OPINION PIECE - Lani Evans is Vodafone New Zealand Foundation Manager.
On September 19th 1893, Lord Glasgow signed women’s suffrage into law at Parliament. That signature, and the work of hundreds of women (and men), changed the landscape of New Zealand and it changed the global landscape, creating a pathway for women’s suffrage around the world.
Kiwis love to be first, and our number one spot is something we’re proud of. It’s as much a part of our collective pride and our national identity as Ti Tiriti o Waitangi, our nuclear free status and Sir Edmund Hillary’s mountaineering exploits. But despite being frontrunners in the suffrage stakes, New Zealand has not reached gender equity.
We have the highest reported rates of sexual violence in the OECD (24% of women) and the highest rates of domestic violence (around 118,000 reported incidents per year). Our pay gap is sitting at around 11% and while 51.3% of our population are women, only 31% of our MPs are (well, for the next week anyway).
According to the OECD, at the current rate of progress, it’s going to take 80 years for us to achieve gender equality. I think we can do it much, much faster.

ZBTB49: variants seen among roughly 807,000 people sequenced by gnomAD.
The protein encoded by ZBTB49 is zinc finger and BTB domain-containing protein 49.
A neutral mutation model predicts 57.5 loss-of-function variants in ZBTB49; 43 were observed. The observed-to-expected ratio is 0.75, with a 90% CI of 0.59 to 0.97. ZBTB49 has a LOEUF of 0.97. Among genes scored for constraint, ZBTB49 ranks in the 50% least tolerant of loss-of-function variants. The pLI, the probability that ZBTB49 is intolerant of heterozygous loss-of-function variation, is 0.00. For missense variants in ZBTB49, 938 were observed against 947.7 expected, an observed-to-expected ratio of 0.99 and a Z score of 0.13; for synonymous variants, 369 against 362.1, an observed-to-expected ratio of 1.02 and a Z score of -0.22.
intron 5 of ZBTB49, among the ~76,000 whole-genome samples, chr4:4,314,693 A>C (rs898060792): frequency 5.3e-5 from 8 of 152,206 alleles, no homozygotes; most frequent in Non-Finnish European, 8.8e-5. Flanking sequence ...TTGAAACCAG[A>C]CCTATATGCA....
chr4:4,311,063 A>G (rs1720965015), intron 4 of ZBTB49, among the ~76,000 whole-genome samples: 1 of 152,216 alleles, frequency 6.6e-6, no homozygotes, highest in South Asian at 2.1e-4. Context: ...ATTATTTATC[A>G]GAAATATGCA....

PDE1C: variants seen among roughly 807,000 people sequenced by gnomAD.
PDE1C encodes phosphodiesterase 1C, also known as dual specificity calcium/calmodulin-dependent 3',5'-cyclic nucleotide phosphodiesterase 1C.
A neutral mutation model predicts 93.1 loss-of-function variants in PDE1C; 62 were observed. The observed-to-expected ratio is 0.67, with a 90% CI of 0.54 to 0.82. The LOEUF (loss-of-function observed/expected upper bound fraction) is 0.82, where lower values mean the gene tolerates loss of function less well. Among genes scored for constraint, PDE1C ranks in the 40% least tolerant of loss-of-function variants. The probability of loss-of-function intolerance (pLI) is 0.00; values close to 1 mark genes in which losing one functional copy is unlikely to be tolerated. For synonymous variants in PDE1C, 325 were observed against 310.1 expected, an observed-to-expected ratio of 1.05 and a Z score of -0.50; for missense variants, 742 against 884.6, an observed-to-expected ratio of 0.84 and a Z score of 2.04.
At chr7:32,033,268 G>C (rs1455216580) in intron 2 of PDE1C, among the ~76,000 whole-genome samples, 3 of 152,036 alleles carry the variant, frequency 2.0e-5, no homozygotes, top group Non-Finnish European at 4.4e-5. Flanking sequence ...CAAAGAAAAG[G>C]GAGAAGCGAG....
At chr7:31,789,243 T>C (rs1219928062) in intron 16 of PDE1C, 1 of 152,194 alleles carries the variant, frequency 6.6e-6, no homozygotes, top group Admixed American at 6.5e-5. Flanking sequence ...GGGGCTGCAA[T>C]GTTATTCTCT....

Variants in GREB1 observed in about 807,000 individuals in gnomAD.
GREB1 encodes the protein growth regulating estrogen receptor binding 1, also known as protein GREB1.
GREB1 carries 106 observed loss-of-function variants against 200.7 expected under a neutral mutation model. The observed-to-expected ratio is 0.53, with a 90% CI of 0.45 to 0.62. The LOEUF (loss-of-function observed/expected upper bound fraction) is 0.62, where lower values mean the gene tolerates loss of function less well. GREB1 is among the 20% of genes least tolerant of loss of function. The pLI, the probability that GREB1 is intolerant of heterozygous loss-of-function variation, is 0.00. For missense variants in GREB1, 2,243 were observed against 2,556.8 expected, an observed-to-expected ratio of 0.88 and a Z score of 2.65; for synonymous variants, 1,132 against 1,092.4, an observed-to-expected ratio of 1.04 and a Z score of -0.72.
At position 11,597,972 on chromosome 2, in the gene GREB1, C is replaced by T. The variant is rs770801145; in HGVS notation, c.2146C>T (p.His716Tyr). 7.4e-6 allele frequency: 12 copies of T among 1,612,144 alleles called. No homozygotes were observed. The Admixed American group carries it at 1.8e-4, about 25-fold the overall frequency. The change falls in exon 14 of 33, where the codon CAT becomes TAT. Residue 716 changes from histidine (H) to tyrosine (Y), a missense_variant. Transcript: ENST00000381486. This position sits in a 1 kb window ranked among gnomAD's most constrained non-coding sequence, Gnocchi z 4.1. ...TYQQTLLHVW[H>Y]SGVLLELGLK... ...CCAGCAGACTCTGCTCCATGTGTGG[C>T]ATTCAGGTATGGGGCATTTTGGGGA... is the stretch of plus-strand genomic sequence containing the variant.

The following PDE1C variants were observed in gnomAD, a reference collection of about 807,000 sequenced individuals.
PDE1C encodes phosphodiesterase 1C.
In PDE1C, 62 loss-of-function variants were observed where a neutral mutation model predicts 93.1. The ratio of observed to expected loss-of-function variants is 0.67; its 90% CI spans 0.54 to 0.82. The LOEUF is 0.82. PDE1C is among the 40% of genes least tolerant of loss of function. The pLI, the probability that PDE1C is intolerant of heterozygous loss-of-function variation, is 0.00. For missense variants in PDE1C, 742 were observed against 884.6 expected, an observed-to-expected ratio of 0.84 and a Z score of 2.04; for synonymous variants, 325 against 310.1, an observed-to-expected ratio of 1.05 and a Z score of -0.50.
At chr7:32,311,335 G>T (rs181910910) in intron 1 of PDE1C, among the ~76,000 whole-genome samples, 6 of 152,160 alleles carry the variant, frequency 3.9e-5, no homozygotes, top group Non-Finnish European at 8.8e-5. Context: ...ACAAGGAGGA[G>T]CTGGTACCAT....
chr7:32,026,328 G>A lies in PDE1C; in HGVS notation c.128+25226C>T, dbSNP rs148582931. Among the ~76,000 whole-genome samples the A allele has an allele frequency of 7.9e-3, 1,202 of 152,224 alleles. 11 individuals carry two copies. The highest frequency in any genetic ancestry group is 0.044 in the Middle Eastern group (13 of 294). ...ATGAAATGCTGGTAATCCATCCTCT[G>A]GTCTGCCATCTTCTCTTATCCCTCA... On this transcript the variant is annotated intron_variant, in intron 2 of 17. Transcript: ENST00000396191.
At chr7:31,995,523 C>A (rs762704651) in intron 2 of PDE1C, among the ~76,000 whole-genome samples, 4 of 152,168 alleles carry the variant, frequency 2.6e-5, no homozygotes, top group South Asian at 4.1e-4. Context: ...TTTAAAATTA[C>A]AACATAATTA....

We can do it faster by understanding our own unconscious bias, the ideas that shape our decisions and our interactions, without us consciously realising it. If you’re interested, Harvard has a test you can take to measure your unconscious sexism here.
We can speed up equity by focusing our resources on positive change. Vodafone is contributing with our generous parental leave packages and via the Reconnect programme and the Foundation is contributing through initiatives like TecSOS, a specifically adapted piece of technology that allows survivors and victims of domestic violence to access help from police faster.
We can cut down the time to equity by supporting women who are sticking their heads above the parapet to lead change. In August this year, two teenage girls from Wellington High delivered a 6000 signature strong petition to parliament, asking for better consent education in schools. And in April, aged care worker Kristine Bartlett successfully advocated for a historic pay increase for care and support workers. These women deserve our support and aroha.
And we can create change by getting out to vote. Politics is about people, and politics is powerful so, whatever your political persuasion, use the civic power Kate Sheppard fought for and cast your vote.